Background: Racial minorities are underrepresented in cancer-related clinical trials. One commonly recognized contributor to this is medical mistrust.

Methods: This study used data from the 2020 National Cancer Institute’s Health Information National Trends Survey (HINTS), a cross-sectional, nationally representative sample of 3865 participants. We sought to determine the prevalence of medical mistrust and its impact on cancer information seeking behavior and motivations to participate in clinical trials.

Results: In total, 3452 participants were included in the analysis; 24% were determined to have medical mistrust. In multivariable analysis, race was not independently associated with medical mistrust, but older age and financial distress were. Those with medical mistrust were less likely to seek information about cancer or clinical trials from doctors or health care providers. They were also more likely to report “I don’t know anything about clinical trials” and were less likely to report altruism, or receiving a clinical benefit, material support, and doctor or family/friend encouragement as motivating factors for trial participation. Higher knowledge about clinical trials was associated with higher motivation to participate regardless of medical mistrust.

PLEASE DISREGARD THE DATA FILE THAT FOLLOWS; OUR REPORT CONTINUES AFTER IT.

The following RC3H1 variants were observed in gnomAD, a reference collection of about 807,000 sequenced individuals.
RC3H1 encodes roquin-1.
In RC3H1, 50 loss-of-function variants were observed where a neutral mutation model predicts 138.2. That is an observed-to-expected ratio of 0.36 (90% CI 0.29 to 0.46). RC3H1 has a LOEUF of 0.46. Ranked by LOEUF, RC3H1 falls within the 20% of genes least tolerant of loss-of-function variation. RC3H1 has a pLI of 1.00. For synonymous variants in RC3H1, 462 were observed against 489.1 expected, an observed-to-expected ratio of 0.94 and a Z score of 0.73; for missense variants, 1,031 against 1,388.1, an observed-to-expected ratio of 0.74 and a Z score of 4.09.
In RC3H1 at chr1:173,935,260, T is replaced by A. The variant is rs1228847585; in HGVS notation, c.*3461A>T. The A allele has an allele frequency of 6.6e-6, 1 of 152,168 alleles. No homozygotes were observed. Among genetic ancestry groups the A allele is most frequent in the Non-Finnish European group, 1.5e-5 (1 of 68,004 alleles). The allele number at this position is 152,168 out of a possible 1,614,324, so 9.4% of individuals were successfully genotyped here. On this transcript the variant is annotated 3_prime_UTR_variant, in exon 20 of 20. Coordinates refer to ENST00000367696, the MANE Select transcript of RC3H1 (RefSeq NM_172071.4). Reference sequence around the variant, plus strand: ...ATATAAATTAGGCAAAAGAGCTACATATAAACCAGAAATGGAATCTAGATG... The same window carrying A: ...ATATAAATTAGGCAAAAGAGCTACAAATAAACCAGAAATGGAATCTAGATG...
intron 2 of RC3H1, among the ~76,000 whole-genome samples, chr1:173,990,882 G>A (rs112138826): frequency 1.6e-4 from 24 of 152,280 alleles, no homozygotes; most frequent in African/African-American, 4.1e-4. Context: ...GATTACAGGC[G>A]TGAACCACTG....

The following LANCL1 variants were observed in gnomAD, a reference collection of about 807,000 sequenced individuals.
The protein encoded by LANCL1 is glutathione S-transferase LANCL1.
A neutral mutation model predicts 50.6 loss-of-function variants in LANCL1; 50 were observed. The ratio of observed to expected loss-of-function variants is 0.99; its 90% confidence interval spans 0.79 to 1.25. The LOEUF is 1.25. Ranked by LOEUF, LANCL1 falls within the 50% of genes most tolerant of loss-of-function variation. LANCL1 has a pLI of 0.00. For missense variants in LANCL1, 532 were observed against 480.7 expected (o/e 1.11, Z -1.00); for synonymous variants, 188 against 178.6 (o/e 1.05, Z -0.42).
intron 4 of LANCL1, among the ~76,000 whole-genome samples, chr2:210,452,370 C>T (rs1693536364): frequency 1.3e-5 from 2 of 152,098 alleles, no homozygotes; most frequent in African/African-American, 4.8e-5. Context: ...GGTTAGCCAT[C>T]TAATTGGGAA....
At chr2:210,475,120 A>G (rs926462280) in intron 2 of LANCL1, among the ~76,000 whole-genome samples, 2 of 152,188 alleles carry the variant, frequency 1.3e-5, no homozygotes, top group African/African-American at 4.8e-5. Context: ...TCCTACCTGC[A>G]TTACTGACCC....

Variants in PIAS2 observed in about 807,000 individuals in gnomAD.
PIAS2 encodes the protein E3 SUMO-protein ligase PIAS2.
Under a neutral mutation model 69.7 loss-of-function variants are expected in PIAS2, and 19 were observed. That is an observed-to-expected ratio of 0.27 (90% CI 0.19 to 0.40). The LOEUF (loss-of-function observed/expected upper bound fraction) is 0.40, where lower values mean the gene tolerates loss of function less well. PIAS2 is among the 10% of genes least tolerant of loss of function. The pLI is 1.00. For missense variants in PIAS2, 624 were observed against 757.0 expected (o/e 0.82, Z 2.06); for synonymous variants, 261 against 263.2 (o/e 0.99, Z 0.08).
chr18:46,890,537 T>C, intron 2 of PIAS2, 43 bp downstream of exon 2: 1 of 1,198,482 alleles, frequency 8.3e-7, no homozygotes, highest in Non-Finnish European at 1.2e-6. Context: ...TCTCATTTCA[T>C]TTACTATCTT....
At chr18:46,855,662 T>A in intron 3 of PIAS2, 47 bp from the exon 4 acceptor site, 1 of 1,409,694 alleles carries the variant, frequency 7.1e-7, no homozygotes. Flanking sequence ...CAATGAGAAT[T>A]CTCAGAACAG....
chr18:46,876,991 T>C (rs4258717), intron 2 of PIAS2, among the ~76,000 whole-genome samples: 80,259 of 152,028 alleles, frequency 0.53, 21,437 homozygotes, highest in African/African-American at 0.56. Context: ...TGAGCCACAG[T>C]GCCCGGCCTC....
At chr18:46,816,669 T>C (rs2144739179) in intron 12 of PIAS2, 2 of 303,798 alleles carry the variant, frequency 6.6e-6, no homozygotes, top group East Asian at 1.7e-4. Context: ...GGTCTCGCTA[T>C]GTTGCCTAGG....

Conclusions: This study does not support medical mistrust as a mediating factor for the underrepresentation of minorities in clinical trials. People with medical mistrust report differences in information seeking behavior and motivating factors for clinical trial participation. Increasing clinical trial knowledge may increase motivation to participate in people with medical mistrust as well as those without.

IMAGE 1: A model of medical mistrust. †adjusted odds ratios are the likelihood of reporting medical mistrust

IMAGE 2: Reported motivating factors when considering clinical trial participation. The entire cohort (n=3452) is compared with the medical mistrust cohort (n=825) and those without medical mistrust (n=2627)